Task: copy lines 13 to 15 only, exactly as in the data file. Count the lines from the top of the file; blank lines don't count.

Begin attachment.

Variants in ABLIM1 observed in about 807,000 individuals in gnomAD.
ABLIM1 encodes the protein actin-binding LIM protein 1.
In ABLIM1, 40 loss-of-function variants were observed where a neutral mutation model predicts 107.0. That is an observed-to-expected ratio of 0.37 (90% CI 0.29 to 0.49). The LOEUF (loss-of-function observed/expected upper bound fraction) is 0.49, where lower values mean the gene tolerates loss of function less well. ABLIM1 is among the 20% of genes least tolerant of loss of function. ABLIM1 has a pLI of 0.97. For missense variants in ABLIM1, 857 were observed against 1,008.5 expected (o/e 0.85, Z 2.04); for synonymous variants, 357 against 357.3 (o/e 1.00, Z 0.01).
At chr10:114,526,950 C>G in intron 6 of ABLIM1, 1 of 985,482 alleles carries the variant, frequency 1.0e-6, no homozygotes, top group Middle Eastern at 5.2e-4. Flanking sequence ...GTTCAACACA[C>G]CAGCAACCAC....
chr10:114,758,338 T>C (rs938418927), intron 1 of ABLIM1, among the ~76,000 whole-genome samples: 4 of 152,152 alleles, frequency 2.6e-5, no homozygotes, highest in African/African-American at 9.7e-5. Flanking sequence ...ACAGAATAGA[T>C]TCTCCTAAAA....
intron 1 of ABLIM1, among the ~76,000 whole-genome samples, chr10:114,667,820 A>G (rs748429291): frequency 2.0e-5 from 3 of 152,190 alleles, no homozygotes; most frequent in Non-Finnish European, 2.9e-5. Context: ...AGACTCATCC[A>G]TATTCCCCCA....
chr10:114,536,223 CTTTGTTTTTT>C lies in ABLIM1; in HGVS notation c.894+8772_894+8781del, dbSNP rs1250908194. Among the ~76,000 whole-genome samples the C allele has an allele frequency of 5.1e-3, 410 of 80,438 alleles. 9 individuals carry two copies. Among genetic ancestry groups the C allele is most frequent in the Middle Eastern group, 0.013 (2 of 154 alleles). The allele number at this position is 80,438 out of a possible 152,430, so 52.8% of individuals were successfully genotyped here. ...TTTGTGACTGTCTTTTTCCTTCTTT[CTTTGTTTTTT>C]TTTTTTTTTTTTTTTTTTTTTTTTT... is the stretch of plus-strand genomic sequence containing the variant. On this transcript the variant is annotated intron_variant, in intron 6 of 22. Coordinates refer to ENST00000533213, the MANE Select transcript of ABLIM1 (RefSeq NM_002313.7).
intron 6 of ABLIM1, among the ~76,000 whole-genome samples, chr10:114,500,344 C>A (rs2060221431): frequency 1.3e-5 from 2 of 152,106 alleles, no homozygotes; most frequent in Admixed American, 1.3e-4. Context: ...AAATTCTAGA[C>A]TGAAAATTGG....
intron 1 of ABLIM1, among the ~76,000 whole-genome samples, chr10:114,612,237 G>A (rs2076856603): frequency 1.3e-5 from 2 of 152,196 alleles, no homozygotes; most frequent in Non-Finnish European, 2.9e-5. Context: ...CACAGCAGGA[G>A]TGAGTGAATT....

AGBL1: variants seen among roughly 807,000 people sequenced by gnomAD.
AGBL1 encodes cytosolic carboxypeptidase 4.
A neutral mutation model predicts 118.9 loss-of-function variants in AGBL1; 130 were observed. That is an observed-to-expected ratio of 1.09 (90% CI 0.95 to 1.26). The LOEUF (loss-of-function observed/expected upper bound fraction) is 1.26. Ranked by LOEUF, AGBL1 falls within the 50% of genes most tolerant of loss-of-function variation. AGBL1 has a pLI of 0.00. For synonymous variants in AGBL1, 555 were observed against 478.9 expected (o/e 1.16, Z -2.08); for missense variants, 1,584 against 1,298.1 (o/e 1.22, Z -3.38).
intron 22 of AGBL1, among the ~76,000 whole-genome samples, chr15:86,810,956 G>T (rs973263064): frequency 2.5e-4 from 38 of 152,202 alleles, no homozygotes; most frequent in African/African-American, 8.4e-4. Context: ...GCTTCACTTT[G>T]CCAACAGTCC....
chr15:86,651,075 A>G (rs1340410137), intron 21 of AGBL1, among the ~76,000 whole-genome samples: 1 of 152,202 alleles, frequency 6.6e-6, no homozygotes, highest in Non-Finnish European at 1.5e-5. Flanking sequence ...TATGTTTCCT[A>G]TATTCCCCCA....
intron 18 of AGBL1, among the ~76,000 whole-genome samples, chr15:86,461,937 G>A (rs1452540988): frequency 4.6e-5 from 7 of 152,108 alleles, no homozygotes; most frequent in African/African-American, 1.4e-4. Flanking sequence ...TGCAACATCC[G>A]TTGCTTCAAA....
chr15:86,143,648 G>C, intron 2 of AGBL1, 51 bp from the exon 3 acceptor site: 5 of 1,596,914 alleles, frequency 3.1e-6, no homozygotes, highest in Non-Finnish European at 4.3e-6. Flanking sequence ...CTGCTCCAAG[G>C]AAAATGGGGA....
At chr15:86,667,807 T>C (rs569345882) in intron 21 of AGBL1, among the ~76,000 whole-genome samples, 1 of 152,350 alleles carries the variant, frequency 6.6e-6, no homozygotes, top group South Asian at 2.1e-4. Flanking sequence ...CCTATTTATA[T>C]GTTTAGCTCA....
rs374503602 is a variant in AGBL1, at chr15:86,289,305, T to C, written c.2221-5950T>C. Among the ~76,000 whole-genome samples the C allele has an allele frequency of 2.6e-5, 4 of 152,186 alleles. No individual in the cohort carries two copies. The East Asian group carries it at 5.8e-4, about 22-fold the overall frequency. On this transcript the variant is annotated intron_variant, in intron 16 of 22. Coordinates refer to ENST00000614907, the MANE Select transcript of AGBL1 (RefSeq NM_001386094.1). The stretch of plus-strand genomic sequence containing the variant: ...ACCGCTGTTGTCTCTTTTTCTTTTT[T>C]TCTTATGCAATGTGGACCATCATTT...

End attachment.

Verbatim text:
intron 22 of AGBL1, among the ~76,000 whole-genome samples, chr15:86,810,956 G>T (rs973263064): frequency 2.5e-4 from 38 of 152,202 alleles, no homozygotes; most frequent in African/African-American, 8.4e-4. Context: ...GCTTCACTTT[G>T]CCAACAGTCC....
chr15:86,651,075 A>G (rs1340410137), intron 21 of AGBL1, among the ~76,000 whole-genome samples: 1 of 152,202 alleles, frequency 6.6e-6, no homozygotes, highest in Non-Finnish European at 1.5e-5. Flanking sequence ...TATGTTTCCT[A>G]TATTCCCCCA....
intron 18 of AGBL1, among the ~76,000 whole-genome samples, chr15:86,461,937 G>A (rs1452540988): frequency 4.6e-5 from 7 of 152,108 alleles, no homozygotes; most frequent in African/African-American, 1.4e-4. Flanking sequence ...TGCAACATCC[G>A]TTGCTTCAAA....